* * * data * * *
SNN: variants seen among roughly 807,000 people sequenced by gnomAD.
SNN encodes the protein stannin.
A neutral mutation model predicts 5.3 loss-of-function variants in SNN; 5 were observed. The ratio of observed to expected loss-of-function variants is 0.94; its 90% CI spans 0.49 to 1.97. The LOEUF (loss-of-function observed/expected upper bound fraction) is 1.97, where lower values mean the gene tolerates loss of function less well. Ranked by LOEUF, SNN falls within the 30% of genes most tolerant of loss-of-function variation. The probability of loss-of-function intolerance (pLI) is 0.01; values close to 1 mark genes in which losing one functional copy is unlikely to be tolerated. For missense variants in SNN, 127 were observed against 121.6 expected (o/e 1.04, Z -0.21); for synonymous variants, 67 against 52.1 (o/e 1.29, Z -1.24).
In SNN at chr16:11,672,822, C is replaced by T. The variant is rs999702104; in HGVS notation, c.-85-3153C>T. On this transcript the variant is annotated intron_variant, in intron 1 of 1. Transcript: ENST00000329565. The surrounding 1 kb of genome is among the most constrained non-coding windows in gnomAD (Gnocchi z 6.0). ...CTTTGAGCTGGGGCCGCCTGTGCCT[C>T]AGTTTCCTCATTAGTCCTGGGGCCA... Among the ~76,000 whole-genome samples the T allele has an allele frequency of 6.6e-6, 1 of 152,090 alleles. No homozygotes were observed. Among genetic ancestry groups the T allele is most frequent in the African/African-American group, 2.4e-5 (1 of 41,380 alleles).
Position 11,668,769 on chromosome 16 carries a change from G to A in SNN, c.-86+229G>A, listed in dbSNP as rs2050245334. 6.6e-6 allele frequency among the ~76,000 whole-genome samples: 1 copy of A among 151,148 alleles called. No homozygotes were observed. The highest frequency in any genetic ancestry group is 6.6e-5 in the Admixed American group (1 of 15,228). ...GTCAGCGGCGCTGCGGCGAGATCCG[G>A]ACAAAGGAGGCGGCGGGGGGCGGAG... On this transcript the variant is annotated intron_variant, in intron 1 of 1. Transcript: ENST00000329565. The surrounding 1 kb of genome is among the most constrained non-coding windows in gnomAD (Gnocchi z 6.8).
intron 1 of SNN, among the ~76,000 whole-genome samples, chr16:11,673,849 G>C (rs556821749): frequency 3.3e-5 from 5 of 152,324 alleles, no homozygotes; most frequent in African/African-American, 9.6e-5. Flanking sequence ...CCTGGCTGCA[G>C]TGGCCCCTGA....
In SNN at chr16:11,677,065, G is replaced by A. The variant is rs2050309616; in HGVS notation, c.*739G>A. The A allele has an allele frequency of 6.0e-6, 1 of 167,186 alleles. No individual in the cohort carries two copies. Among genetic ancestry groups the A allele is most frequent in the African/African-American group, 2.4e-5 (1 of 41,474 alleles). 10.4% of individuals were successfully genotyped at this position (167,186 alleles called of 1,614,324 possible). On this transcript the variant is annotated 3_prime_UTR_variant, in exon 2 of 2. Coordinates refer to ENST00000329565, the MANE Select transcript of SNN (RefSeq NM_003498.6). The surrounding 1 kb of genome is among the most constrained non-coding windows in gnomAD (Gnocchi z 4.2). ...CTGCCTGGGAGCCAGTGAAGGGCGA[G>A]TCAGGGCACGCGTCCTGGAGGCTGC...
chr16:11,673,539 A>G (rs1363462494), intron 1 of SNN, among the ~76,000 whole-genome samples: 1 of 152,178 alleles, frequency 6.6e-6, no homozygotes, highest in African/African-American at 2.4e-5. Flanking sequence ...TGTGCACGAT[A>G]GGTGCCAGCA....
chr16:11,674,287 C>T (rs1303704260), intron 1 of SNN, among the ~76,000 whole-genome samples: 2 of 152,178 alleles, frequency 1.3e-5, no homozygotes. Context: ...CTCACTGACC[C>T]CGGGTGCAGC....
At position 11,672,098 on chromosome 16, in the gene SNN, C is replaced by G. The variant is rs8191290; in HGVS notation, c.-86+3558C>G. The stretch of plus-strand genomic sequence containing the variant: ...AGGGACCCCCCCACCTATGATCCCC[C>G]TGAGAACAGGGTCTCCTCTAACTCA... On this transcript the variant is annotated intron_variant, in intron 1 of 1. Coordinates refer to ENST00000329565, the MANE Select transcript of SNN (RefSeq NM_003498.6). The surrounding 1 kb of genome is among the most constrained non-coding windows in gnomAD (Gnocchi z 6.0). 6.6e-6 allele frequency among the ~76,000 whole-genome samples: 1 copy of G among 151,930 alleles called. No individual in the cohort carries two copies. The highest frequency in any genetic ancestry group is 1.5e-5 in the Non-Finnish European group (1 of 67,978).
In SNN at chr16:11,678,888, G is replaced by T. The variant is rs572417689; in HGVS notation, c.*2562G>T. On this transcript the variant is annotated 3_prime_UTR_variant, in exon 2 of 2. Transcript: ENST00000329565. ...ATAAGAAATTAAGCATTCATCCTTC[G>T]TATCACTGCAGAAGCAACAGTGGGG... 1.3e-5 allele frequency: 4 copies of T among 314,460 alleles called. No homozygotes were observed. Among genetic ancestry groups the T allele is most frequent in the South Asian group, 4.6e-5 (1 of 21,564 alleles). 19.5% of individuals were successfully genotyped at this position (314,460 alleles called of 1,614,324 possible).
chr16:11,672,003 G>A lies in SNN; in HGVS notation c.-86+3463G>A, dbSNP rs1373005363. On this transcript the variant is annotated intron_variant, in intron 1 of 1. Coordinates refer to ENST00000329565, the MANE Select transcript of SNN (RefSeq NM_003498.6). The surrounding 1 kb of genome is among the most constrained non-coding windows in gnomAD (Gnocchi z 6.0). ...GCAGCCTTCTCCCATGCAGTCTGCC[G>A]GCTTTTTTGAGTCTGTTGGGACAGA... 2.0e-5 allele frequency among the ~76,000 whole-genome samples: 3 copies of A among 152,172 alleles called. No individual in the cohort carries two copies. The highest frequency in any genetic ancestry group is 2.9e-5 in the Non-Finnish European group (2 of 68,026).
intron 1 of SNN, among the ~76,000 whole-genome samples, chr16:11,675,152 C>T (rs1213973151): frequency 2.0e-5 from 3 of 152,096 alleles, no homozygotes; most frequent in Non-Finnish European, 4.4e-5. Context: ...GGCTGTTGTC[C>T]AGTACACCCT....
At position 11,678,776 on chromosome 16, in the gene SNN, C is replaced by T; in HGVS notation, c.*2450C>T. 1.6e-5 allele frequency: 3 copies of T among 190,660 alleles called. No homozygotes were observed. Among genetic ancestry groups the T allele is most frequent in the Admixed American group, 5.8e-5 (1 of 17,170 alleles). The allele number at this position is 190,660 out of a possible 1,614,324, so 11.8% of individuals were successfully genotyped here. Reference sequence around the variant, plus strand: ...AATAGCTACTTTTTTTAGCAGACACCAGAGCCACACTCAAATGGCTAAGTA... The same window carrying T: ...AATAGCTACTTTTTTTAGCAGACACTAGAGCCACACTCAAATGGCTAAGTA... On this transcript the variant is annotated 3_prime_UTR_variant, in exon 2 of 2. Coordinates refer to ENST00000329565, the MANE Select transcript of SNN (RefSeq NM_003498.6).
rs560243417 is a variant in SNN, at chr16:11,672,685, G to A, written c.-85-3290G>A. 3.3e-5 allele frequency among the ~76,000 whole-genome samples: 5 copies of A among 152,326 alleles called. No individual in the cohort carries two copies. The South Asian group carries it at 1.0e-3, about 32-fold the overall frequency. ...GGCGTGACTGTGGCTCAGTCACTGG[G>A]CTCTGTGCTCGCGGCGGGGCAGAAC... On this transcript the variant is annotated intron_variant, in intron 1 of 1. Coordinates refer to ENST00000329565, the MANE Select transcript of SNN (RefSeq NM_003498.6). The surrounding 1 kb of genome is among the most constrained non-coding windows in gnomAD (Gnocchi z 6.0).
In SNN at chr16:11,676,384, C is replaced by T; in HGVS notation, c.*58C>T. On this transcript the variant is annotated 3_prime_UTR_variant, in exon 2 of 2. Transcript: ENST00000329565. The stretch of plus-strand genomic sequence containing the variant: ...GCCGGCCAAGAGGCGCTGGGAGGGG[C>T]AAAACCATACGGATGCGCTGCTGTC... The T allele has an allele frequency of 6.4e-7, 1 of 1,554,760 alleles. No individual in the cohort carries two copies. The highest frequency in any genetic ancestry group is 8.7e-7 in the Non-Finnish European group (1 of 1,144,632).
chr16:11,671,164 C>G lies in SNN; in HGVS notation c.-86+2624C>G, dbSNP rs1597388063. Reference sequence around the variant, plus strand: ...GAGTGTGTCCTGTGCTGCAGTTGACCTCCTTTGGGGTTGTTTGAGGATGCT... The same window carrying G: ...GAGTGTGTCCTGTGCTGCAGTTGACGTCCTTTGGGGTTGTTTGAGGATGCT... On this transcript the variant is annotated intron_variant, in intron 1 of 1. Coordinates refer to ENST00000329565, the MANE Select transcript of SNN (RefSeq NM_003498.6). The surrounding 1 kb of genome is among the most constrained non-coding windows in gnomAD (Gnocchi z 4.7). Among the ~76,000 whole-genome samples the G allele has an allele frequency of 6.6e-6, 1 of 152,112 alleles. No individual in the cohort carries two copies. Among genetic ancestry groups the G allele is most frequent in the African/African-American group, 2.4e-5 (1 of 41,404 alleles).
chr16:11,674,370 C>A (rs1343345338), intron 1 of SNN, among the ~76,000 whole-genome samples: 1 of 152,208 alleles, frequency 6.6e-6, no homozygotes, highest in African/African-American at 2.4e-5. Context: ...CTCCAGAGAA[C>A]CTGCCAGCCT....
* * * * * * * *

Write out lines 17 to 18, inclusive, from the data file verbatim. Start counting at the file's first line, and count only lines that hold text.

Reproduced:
chr16:11,671,164 C>G lies in SNN; in HGVS notation c.-86+2624C>G, dbSNP rs1597388063. Reference sequence around the variant, plus strand: ...GAGTGTGTCCTGTGCTGCAGTTGACCTCCTTTGGGGTTGTTTGAGGATGCT... The same window carrying G: ...GAGTGTGTCCTGTGCTGCAGTTGACGTCCTTTGGGGTTGTTTGAGGATGCT... On this transcript the variant is annotated intron_variant, in intron 1 of 1. Coordinates refer to ENST00000329565, the MANE Select transcript of SNN (RefSeq NM_003498.6). The surrounding 1 kb of genome is among the most constrained non-coding windows in gnomAD (Gnocchi z 4.7). Among the ~76,000 whole-genome samples the G allele has an allele frequency of 6.6e-6, 1 of 152,112 alleles. No individual in the cohort carries two copies. Among genetic ancestry groups the G allele is most frequent in the African/African-American group, 2.4e-5 (1 of 41,404 alleles).
chr16:11,674,370 C>A (rs1343345338), intron 1 of SNN, among the ~76,000 whole-genome samples: 1 of 152,208 alleles, frequency 6.6e-6, no homozygotes, highest in African/African-American at 2.4e-5. Context: ...CTCCAGAGAA[C>A]CTGCCAGCCT....